The month of May is named after Maia, a goddess of growing plants. The first day of this month, May Day, marks the halfway point of spring into summer. This will be a great time to get outside, and admire and learn more about all the celestial events always going on above us, as it will finally warm up consistently this month.

The major highlights this month include Venus at its best and brightest for the year in the morning sky; Jupiter just past its best for the year in the evening sky; some nice conjunctions of the moon with Venus, Mars and Mercury; Saturn rising earlier each night and approaching its opposition next month; the brightest asteroid, Vesta, visible in Cancer; not one, but two comets that could become visible to the naked eye; and the first good meteor shower of the year, the Eta Aquarids, caused by Halley’s Comet.

Venus has been a morning planet since the end of March, and it will reach its brightest for this year in early May while it is still similar to a waxing crescent moon. Venus will get a little smaller and become exactly half illuminated by the sun, similar to a third-quarter moon, in early June. Look for a waning crescent moon to pass just below Venus half an hour before sunrise on the 22nd and just below Mercury the next two mornings.

Jupiter is just past opposition now, but it is still brighter and closer than usual. The king of the planets continues to rule the evening sky, shining at minus 2.4 magnitude, exactly 4 magnitudes, or 39 times brighter, than the other evening planet, which is Mars in Taurus. Jupiter is in retrograde, or westward motion, against the fixed background of stars, and about 10 degrees above Spica, which is the brightest star in Virgo and the 16th-brightest star in our sky at first magnitude, or about 20 times fainter than Jupiter.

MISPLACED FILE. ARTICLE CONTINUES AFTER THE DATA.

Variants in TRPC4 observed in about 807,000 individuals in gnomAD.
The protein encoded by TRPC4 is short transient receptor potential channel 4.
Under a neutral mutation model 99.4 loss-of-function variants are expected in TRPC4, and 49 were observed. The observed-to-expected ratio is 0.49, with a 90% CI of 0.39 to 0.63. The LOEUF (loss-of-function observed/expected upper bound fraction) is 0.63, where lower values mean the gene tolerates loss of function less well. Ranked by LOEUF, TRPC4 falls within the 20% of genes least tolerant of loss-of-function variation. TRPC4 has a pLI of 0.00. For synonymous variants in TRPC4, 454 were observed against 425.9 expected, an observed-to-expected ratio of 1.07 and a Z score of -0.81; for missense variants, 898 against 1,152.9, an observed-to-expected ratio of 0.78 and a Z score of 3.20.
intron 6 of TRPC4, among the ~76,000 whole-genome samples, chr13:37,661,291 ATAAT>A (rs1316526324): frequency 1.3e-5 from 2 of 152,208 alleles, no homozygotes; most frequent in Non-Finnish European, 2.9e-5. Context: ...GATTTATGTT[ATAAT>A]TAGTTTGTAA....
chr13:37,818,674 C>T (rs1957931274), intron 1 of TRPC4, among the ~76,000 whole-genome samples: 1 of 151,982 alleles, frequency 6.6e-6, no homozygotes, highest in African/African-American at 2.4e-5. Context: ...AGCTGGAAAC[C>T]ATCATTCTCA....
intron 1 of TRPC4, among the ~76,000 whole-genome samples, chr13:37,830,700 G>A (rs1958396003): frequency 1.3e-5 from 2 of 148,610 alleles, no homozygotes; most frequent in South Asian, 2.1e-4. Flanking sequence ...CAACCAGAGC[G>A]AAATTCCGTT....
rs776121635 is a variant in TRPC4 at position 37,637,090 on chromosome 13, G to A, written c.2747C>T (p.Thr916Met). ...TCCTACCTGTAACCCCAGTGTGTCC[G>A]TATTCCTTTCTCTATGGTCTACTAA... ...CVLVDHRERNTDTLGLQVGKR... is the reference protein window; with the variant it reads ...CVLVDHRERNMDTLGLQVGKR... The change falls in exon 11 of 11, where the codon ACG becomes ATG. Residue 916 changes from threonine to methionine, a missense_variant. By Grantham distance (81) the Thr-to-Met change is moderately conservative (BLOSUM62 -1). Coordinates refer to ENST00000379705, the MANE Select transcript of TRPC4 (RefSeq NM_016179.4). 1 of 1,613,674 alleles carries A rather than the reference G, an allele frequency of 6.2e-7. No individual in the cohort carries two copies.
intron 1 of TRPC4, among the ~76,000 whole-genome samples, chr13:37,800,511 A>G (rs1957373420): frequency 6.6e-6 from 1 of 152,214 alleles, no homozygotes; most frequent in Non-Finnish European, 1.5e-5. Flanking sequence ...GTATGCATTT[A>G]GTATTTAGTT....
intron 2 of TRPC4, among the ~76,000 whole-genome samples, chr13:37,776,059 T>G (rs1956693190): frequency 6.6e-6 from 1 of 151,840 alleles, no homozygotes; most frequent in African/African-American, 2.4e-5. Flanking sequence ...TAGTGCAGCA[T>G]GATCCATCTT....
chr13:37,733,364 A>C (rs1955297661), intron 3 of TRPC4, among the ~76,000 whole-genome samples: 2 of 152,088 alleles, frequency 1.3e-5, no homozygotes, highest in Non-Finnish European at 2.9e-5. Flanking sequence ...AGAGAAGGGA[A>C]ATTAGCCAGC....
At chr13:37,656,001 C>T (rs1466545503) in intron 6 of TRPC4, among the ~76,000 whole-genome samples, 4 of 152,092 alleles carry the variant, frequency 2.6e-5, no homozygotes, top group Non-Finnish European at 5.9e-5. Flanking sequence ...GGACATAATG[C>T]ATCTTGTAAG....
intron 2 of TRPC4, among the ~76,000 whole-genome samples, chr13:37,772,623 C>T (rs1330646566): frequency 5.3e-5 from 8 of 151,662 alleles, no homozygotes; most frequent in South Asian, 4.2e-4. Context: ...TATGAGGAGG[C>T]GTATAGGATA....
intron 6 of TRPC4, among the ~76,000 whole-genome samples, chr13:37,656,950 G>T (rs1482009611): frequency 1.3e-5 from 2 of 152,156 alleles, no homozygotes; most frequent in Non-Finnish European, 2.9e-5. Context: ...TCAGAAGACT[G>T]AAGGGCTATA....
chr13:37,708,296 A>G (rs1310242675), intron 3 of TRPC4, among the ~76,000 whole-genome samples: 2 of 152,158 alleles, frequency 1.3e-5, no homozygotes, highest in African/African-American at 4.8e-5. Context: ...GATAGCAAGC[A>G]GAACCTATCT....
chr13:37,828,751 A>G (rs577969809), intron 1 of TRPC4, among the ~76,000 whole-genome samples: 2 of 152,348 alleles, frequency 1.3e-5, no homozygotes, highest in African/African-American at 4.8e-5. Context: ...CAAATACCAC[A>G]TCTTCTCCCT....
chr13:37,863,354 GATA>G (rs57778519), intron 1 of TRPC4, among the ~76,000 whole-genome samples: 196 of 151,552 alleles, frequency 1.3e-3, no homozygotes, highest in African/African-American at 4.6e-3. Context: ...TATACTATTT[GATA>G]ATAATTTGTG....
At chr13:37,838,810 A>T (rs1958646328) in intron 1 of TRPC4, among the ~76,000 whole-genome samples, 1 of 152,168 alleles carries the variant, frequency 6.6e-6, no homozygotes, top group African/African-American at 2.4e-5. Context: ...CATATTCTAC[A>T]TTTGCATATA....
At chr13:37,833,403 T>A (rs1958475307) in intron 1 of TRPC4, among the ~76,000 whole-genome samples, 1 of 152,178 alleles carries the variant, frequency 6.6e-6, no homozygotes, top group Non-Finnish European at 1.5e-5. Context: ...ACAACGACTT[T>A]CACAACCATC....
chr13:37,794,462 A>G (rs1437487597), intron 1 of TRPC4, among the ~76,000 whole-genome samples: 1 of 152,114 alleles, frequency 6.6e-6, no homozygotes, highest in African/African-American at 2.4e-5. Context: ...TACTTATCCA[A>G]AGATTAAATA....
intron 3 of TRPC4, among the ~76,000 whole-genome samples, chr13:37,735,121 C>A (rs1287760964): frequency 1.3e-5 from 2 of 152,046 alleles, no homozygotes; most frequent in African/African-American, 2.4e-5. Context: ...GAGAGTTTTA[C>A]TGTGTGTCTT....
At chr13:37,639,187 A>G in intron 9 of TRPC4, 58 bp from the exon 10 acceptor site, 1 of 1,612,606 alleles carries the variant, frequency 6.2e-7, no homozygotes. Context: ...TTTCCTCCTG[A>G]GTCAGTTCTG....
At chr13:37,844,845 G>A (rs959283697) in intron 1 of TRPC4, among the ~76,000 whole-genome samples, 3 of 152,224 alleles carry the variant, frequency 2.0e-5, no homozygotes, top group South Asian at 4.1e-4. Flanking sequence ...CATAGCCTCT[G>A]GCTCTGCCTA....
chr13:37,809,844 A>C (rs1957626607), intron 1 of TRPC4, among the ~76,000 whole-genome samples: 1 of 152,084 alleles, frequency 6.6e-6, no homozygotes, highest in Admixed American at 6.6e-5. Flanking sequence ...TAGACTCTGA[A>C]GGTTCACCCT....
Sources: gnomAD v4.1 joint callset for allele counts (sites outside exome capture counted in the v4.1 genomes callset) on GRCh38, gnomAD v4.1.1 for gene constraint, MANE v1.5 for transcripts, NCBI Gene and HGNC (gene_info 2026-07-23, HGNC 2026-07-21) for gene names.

Spica is an extremely interesting double- or even triple-star system. The main component is a blue giant star about 260 light years away and 10 times more massive than the sun and thousands of times more luminous. The secondary component star is 10 times closer. They both orbit a common center of gravity, called a barycenter, every four days. This creates very strong tidal forces on all of the stars in this system, causing them to spin very rapidly, almost 100 times faster than our sun.

So when you look at Jupiter this month, remember that it’s less than one hour away at the speed of light, but that the light you are seeing from that rapidly whirling double or triple star just below it left there 260 years ago.

Mars continues to fade a little in Taurus and will pass just above Aldebaran, an orange giant star marking the eye of Taurus, in early May. Aldebaran is 44 times larger than our sun and probably has at least one Jupiter-sized planet. Pioneer 10, our first deep-space probe launched in 1972, will pass fairly close to this star in about two million years if no one intercepts it before then. So when you look at these two orange objects in the sky this month, remember that Mars is only 20 minutes away at the speed of light, but that Aldebaran is 65 years away.

Saturn now rises before midnight, at about the same time that Jupiter reaches its highest point in our sky. Saturn is in the constellation of Sagittarius. The ringed planet is already in retrograde motion and continues to get a little brighter and closer each night, heading toward its opposition in mid-June. At zero magnitude, Saturn is about 10 times fainter than Jupiter, but five times brighter than Mars.